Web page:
• payment of superannuation contributions on paid parental leave. Although Labor appeared to abandon this policy during its election campaign, this policy formed part of the Greens’ platform and therefore, may re-enter the policy debate, particularly if the Labor government secure a second term in 3 years.

Higher wages and ending insecure work

If Labor commands a majority in the House of Representatives in its own right, it is likely to be in a position to implement its ‘Secure Australian Jobs’ policy. Obviously, the composition of the Senate will have a baring on just how aggressive the policy position is pushed.  We consider that there are four key policies that Labor will prioritise.

  • Casual definition – Labor will amend the definition of casual employment to enable post-contractual conduct to be taken into consideration (e.g. patterns of work) in assessing whether a casual employee is a “true” casual employee.
  • Independent contractors – following the High Court decisions in Jamsek and Personnel Contracting, Labor will also likely introduce legislation which restores the ‘multifactorial test’ (or similar) previously applied by Courts and Tribunals in determining whether a person is an independent contractor or employee. Labor will also likely move to give the FWC new powers to deal with “employee-like” relationships (i.e. relationships in the gig economy), including powers to make orders for these workers and powers to resolve disputes between these workers and the platforms through which they perform work.
  • Same job, same pay for labour hire employees – Labor will introduce legislation to ensure workers employed through labour hire companies receive at least the same pay as workers who are employed directly.
  • Fixed term contracts – the FW Act will be amended to ‘cap’ fixed term contracts for the same role to two consecutive contracts or to a maximum duration, including renewals, of two years with some limited exceptions.

In addition, as promised during the election campaign, the Albanese-led Government will make a formal submission to the FWC (as part of its annual wage review this year) in support of an increase to the minimum wage. It is unclear what percentage increase the Government will be supporting, however, it is likely to be somewhere between 5% and 5.5% (an increase of 5.5% is contended for by the ACTU). Although any submission made by the Government to the FWC will not necessarily result in an increase higher than 5%, any position taken by the Government will likely impact on current and upcoming enterprise agreement bargaining rounds as unions shift to demand increases in line with any minimum wage increase contended for by the Government.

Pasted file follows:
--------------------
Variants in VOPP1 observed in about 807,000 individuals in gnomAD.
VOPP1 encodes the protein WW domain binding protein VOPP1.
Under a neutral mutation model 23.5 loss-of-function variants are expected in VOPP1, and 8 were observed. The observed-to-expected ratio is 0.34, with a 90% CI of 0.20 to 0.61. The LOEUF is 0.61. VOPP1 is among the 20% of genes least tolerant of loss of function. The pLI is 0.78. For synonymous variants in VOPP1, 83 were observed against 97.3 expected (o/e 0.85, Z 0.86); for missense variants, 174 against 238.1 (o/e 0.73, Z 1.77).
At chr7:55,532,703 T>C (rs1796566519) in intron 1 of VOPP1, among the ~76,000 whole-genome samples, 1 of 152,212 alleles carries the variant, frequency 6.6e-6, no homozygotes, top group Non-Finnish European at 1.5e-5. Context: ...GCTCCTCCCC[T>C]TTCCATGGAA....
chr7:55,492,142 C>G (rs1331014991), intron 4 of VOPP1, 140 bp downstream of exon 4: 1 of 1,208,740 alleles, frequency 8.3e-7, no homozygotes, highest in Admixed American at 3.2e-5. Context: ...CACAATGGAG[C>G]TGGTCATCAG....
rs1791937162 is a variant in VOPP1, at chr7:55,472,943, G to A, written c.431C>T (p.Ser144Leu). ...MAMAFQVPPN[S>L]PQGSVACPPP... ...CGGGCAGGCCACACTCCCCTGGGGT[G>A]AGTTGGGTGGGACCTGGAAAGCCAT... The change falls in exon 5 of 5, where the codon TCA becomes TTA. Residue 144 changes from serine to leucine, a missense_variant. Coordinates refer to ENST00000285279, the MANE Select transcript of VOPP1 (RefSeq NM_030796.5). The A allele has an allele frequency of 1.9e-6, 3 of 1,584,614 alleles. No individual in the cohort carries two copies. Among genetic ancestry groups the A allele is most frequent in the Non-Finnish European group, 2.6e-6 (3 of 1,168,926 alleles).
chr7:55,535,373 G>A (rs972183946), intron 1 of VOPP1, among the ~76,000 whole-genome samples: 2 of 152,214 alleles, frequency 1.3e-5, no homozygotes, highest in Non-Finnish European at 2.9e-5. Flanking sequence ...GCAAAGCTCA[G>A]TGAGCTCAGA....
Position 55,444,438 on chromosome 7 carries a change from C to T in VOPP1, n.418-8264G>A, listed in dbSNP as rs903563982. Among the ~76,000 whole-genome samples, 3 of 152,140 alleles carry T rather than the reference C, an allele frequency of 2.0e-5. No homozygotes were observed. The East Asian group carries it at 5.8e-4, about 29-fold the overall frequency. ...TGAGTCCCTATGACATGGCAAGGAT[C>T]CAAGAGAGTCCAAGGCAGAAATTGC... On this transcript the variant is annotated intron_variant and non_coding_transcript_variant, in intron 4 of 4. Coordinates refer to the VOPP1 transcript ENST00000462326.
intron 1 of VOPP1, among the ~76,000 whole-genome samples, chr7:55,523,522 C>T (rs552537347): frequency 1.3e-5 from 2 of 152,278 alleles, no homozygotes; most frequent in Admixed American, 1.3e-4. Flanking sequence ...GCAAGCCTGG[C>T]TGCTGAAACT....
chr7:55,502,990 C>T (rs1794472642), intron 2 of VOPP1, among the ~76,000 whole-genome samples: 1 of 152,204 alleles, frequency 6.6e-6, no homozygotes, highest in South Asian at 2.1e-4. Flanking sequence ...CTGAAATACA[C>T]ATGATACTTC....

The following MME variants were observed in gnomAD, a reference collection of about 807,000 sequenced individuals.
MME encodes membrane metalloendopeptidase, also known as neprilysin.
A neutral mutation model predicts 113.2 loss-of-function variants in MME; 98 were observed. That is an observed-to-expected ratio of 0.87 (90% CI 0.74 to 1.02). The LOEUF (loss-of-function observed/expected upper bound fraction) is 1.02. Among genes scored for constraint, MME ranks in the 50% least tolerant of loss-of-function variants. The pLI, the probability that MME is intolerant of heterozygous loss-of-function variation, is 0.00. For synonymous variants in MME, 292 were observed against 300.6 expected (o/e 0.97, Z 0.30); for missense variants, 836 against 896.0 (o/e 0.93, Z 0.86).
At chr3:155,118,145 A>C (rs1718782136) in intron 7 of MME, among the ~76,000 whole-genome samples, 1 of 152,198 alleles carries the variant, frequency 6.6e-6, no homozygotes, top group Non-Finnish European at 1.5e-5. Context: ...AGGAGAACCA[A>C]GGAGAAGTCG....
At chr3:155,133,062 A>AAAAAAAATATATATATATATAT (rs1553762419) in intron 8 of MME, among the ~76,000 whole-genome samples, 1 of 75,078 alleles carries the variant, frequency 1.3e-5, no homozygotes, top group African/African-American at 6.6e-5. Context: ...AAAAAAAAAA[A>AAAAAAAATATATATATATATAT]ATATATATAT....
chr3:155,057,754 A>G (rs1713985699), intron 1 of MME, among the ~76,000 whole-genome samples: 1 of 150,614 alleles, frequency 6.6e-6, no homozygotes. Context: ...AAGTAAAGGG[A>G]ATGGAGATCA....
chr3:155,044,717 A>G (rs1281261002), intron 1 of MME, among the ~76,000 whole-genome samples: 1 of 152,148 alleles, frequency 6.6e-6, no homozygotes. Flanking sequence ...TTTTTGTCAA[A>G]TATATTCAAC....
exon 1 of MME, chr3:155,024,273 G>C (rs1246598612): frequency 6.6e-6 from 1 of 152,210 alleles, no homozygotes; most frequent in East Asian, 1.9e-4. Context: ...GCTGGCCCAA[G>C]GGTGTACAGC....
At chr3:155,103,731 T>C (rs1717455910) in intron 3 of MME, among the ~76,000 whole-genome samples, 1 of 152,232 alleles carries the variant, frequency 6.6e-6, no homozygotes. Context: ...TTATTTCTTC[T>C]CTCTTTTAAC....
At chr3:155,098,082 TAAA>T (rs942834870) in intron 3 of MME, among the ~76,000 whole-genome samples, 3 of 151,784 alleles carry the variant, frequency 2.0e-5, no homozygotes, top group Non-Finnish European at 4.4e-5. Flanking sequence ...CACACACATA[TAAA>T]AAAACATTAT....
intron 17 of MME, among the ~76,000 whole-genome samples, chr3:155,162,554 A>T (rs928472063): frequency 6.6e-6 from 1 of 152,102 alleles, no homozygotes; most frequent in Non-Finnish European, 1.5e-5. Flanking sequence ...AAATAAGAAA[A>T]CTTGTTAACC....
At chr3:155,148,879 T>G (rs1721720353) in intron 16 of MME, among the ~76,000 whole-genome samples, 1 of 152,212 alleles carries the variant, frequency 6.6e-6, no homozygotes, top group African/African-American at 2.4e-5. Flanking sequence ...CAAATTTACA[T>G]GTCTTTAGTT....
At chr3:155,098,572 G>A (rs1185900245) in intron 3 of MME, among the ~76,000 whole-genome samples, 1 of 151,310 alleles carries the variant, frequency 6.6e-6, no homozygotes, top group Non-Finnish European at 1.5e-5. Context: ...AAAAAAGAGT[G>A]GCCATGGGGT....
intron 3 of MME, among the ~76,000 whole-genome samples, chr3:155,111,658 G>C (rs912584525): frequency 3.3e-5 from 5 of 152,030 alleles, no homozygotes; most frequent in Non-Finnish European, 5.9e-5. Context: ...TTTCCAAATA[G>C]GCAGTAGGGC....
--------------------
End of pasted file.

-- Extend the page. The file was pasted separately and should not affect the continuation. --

‘Unstacking’ of the Fair Work Commission

There has been a lot of talk from Labor this election about fixing the “stacking” of the FWC by appointing more “Labor representatives” to the FWC, before returning “half/half appointments”.

Labor will likely seek to justify making its new appointments by extending the powers of the FWC to include:

  • the powers of the new expert ‘Care and Community Sector Expert Panel’ and ‘Pay Equity Panel’ (as outlined above).
  • powers to deal with “employee-like” relationships (as outlined above).
  • (potentially) powers to set minimum pay and standards for owner-drivers as previously done by the Road Safety Remuneration Tribunal. It is unclear whether there will be separate legislative provisions introduced into the FW Act including these powers or whether owner drivers will simply be covered by the new “employee-like” work jurisdiction. It is also possible that Labor will seek to set up a tribunal separate to the FWC to deal with minimum pay and standards for owner drivers, as currently pushed for by the Transport Workers Union.
  • powers to regulate registered organisations. Labor will abolish the Registered Organisations Commission and refer serious contraventions of regulatory laws by registered organisations to the Australian Securities and Investments Commission for investigation and prosecution.
  • (potentially) powers to conciliate and arbitrate (by consent) underpayment of wages claims.

It is also possible that Labor will introduce a ‘Fair Work Court’, an independent judicial division of the Fair Work Commission determining matters such as unlawful dismissal, general protections claims and underpayment of wages claims.

Criminalising wage theft and industrial manslaughter

The new Government is committed to legislate to make wage theft and industrial manslaughter criminal offences. It will consult with unions, States and Territories and employer groups to ensure federal wage theft and industrial manslaughter laws will not override existing state and territory laws in operation.

Employers need to start considering how they are currently managing these issues and how current policies could be strengthened. Apart from any Government policy, the Election results provide employers with helpful insights into what issues matter most to their employees which presents an opportunity to reflect on how your organisation fairs in relation to these issues.